The base standards, approved by the International Telecommunications Union (ITU) in 2014 and 2015, have had a couple of rounds of addenda and, recently, a second edition. Most changes simplified or relaxed specifications to allow lower-cost implementations. At this point, further changes are unlikely, and future extensions must be backward-compatible. It’s also a sign of maturity that the standards community has moved on to the next generation of PONs.
Current OLT offerings by the major fiber access equipment vendors -- ADTRAN, Calix, Dasan-Zhone, Huawei, Nokia and ZTE -- accept line cards for all 10G PON standards (10GEPON, XG-PON1, XGS-PON and NGPON2). Volume sales of these platforms have created a large footprint that operators can fill with NGPON2 if and when the time is right. NGPON2 OLT optics are not a great challenge for the supply chain. At least two system vendors' NGPON2 line cards are GA; both Verizon and CityFibre have started deploying them.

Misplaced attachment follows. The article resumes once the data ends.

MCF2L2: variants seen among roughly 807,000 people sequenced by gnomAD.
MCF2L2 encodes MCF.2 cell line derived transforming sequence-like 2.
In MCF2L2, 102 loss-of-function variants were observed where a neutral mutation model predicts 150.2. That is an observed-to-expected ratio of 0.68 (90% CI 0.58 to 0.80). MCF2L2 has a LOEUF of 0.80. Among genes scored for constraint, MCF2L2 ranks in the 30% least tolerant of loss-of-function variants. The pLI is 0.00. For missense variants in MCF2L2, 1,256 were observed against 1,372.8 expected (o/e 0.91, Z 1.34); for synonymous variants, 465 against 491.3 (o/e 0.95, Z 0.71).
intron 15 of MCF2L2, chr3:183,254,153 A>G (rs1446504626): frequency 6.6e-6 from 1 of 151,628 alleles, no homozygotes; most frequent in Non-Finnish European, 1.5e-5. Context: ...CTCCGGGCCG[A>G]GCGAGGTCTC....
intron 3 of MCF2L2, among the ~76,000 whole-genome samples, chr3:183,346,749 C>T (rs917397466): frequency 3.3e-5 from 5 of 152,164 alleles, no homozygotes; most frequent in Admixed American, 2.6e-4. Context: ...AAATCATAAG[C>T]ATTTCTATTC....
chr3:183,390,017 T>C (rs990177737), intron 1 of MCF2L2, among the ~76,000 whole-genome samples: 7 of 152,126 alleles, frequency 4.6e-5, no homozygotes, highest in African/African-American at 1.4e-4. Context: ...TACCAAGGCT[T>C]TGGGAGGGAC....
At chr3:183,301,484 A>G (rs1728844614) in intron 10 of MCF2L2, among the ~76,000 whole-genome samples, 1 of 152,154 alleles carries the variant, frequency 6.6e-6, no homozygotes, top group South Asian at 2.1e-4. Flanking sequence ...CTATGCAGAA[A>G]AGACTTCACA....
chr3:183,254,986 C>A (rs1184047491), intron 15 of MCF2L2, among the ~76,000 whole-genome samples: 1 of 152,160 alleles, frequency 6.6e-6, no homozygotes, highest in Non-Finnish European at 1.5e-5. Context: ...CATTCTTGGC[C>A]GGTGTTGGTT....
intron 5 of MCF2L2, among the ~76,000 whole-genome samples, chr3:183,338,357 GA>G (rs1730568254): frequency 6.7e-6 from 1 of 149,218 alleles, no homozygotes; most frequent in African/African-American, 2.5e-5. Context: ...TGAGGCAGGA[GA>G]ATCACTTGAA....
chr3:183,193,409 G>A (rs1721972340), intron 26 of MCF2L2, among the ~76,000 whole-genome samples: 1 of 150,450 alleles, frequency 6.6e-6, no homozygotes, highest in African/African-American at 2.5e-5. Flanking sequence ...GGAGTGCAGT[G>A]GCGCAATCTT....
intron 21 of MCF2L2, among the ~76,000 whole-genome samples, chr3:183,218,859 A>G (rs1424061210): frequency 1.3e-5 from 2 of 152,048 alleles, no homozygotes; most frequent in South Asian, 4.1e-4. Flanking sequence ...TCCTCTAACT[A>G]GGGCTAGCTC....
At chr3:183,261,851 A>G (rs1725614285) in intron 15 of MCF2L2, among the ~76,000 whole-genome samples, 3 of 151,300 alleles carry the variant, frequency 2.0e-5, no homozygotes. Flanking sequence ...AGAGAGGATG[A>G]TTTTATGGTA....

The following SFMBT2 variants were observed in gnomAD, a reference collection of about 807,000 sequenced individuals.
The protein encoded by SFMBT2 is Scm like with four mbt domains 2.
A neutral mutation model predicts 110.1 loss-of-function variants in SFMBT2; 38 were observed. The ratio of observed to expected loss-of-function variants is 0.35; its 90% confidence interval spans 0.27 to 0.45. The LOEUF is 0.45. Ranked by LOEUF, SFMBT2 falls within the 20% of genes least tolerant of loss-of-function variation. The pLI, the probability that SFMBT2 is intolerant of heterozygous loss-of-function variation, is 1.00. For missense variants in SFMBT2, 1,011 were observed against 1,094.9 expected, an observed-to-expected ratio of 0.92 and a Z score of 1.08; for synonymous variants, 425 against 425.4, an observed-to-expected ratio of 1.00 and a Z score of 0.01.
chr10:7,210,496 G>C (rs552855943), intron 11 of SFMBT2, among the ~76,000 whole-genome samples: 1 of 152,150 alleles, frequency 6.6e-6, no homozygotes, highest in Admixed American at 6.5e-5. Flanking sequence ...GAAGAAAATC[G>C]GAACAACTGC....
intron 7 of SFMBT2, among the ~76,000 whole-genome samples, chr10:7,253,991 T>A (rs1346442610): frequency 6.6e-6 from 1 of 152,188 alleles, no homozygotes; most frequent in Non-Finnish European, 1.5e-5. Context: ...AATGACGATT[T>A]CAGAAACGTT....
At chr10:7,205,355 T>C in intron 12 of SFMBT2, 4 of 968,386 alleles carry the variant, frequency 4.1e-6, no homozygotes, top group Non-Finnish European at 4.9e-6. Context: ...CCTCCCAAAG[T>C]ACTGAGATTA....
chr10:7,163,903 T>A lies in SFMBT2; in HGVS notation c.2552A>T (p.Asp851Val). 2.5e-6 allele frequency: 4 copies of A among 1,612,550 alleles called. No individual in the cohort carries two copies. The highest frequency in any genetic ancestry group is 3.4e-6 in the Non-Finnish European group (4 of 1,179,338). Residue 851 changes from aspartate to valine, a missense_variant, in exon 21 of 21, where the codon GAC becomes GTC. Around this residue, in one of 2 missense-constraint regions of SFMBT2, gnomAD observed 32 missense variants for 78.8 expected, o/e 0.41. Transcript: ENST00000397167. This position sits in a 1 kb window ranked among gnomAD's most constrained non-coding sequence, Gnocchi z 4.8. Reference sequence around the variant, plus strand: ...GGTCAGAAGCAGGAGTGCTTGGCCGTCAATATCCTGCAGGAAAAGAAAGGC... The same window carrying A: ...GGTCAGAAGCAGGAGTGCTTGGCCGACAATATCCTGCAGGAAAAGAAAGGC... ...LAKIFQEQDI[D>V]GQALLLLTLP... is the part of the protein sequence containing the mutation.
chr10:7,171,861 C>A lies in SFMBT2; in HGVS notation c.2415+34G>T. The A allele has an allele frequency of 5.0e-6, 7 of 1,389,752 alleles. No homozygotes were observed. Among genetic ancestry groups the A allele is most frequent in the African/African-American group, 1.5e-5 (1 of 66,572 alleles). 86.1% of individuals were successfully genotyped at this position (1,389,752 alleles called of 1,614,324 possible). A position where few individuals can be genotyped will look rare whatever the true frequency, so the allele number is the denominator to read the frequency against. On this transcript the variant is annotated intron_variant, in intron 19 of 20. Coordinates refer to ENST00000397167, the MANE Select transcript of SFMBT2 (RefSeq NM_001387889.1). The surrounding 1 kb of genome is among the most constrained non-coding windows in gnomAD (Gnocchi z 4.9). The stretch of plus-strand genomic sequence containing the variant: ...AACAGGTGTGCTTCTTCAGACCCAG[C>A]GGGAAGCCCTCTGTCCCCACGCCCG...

As the standards community recognized at the outset, NGPON2's greatest challenge has been development and manufacturing of low-cost, standards-compliant, tunable ONT transceivers. Tunability while meeting the stringent optical specifications set in the NGPON2 physical layer standard is a high hurdle for module and component vendors. By year-end, at least three vendors claim they will be able to supply these parts in volume. This is the gating item to GA status for NGPON2 ONTs.
Early production tunable ONT transceivers are still expensive, reputedly selling for about $150 USD (compared with less than $7 for GPON) -- and cost much more to manufacture. While enterprise and small cell transport applications are less price sensitive than consumer markets, they do not drive nearly as much volume. Ordinary manufacturing cost reduction and yield improvement programs -- an organic part any product lifecycle -- have made progress, and will make more with production volume. However, cost to assemble the present generation of tunable ONT transceivers is intrinsically high.